Midweek Tease: Desert Deception

mwtease15Good morning. Welcome to this week’ Midweek tease, a blog where a number of authors share excerpts from their novels. Some are tame, like mine, others are super-spicy, but there is something to tickle just about anyone’s fancy. This weekly treat is made possible by the lovely and talented Angelica Dawson. So, take a few minutes to read the offerings. Interested in reading more? Click on the links.

This week, I’m teasing from  Desert Deception, a modern western romance suspense novel.  Enjoy!

desertdeception-600x960Cole straightened the magazines and newspapers, trying to look busy while Casey browsed the bookshelves, unable to do anything but think about the woman a mere twenty feet away. Only two years older than she was, he remembered her—at least he recalled the girl she’d been—and the woman standing ten feet away from him had certainly changed.

She still had the peaches and cream complexion associated with her Irish ancestors, skin that could burn in the shade as he recalled, but her freckles weren’t as pronounced as they’d been. She’d dropped at least fifty pounds, and that carrot top she’d worn in tight braids against her head was now a fiery crown of flames. Her soda bottle bottom glasses were gone, no doubt replaced by laser eye surgery or contacts, but her expressive eyes, sometimes blue, sometimes green, but always with a touch of gold in them, were as familiar as ever. That was how he’d recognized her. Once he’d seen those eyes, he’d never been able to forget them.

How long had it been? She’d been sixteen, a senior at Fortune High, when he’d gone off to the University of Texas at El Paso, and while he’d come back that first summer, he’d been too busy helping Dad around the store to do much more than nod and say hello once in a while. He hadn’t grown into his body yet, and while the acne had improved, he’d still been too shy to ask any girl out. He’d fantasized doing so, and in his dreams she’d always said yes, but the reality was, he might as well have had elective mutism when it came to talking to her.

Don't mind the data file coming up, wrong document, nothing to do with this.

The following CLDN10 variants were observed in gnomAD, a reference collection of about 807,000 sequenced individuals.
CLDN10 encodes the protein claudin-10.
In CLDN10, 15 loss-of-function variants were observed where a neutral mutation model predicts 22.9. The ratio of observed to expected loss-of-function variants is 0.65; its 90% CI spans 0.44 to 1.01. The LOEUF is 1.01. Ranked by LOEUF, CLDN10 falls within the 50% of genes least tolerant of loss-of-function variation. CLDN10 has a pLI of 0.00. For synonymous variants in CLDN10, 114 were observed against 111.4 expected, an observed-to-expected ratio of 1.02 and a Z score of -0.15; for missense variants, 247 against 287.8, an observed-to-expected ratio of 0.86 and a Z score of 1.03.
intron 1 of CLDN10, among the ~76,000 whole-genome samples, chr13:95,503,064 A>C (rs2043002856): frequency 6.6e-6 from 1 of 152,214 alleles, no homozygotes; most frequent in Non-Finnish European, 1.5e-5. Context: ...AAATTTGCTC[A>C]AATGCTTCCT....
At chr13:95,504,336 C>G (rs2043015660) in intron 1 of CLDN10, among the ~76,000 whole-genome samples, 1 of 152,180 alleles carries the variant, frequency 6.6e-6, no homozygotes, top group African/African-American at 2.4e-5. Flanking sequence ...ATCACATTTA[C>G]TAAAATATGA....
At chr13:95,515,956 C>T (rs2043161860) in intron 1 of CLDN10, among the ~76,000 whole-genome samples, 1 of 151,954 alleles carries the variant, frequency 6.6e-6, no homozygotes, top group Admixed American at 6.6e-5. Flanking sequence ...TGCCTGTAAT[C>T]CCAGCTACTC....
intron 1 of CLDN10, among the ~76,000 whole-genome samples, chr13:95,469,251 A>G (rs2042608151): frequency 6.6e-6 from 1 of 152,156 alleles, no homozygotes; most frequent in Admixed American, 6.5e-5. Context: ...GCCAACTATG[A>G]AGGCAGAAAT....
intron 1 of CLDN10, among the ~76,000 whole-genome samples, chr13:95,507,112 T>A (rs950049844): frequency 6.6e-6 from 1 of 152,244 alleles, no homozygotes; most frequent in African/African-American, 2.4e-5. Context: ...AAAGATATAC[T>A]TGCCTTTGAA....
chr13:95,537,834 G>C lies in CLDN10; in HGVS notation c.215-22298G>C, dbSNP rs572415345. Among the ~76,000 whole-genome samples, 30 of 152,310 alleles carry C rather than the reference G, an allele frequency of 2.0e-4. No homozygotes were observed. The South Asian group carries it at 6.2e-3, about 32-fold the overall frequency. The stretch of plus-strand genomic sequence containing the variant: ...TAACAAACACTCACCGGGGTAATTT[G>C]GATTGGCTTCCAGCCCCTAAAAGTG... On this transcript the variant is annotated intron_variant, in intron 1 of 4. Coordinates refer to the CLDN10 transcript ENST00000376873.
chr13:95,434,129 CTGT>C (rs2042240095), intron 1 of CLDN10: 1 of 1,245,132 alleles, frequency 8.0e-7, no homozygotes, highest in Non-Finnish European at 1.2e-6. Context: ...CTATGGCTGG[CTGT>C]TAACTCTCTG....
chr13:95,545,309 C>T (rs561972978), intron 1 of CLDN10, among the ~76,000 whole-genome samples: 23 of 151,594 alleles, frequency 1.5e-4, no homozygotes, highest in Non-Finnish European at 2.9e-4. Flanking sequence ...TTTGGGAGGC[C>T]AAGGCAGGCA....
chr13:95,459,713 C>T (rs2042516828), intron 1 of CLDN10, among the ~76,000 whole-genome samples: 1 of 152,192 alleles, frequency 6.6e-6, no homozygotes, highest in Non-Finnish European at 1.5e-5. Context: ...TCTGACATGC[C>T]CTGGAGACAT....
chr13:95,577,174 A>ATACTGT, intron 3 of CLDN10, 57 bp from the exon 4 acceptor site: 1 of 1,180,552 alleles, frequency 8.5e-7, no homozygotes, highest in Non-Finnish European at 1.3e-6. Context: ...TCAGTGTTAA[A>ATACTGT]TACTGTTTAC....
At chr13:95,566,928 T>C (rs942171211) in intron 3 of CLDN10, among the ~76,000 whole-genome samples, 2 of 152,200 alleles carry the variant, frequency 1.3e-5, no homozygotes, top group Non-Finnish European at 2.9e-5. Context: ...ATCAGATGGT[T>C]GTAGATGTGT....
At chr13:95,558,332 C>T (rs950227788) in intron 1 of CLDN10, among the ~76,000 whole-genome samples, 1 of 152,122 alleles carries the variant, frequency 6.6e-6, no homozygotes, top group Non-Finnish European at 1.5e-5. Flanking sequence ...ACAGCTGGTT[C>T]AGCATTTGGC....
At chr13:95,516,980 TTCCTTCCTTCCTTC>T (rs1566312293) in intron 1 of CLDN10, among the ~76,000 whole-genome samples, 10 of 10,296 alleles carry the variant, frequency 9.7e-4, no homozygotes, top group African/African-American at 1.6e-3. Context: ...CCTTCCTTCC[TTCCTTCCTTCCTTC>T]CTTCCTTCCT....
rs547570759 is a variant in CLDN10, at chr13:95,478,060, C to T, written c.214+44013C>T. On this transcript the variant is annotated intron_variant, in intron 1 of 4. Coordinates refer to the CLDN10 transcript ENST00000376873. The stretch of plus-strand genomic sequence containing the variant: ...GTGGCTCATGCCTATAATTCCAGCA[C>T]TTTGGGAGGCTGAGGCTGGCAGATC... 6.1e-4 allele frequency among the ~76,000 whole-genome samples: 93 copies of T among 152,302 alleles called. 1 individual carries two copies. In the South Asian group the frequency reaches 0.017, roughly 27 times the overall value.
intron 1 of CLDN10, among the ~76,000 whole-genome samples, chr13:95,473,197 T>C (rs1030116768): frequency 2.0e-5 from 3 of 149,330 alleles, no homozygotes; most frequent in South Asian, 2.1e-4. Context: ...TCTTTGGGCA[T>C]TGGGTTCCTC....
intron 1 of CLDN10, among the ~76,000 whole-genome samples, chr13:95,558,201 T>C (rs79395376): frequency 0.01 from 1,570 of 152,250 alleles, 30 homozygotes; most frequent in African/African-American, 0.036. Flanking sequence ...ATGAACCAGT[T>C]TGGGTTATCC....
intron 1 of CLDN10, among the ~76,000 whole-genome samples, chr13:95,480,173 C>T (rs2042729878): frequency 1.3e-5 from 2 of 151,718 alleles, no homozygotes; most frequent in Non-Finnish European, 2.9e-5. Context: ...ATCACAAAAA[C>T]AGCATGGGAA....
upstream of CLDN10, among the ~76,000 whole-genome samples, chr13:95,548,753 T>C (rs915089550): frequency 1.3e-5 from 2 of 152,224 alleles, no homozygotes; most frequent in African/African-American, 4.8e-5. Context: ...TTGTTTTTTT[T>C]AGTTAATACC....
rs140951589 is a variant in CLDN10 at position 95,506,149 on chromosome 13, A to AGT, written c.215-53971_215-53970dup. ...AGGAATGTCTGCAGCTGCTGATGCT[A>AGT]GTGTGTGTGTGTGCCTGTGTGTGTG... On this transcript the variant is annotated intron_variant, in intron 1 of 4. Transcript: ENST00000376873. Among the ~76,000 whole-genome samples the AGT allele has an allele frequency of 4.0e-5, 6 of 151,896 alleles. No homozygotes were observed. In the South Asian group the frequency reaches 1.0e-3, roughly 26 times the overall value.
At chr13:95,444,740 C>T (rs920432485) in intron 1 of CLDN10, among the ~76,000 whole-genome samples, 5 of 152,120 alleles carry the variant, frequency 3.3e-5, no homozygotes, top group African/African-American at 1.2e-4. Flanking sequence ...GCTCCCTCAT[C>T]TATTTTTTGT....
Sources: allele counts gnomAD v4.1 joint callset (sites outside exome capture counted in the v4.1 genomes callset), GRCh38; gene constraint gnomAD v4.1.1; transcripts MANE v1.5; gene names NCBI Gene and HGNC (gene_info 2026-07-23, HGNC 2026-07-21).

Those afternoons when he worked in the back unpacking boxes of reproductions and other souvenirs, he hid behind the bookshelves, closed his eyes, let her voice wrap around him, and listened to her sharing her dreams.

Casey, the shorter name suited her, exuded confidence and poise, and wasn’t afraid to take risks, as her motorcycle proved. It took a lot of self-assurance to stand in a courtroom and question witnesses let alone address the jury. Looking at her now, he tried to picture her in a staid business suit and failed. No, this new Casey would wear “look at me clothes” and do it with pizazz. She wouldn’t hide from the world ever again.

Despite his best effort, he was having a hard time controlling his body’s response to her, something that rarely happened to him. Taking a deep breath, he tore his eyes away from her leather-clad bottom, and returned to sorting the new shipment of books, trying to immerse himself in the jacket blurbs, but failing. He jumped when he heard her shout.

“Holy shit!”

Dropping the book he was holding, he pushed his way through the boxes of candles, books, and other items crowding the aisle to see what had upset her.

“What’s wrong?” He hurried to her side, worried that she’d somehow hurt herself. While it was true, the worse injury you could get from a book was a papercut, this close to the desert, unwanted insects and reptiles sometimes managed to sneak in. Last week, he’d returned a tarantula to the great outdoors. The big, hairy spiders might be harmless, but they scared the daylights out of the tourists.

“Nothing’s wrong, but you have all of CJ Coleson’s books shoved back here where no one can see them. They should be out front.”

The look of disgust on her face made him laugh.

“I take it you’re a fan.”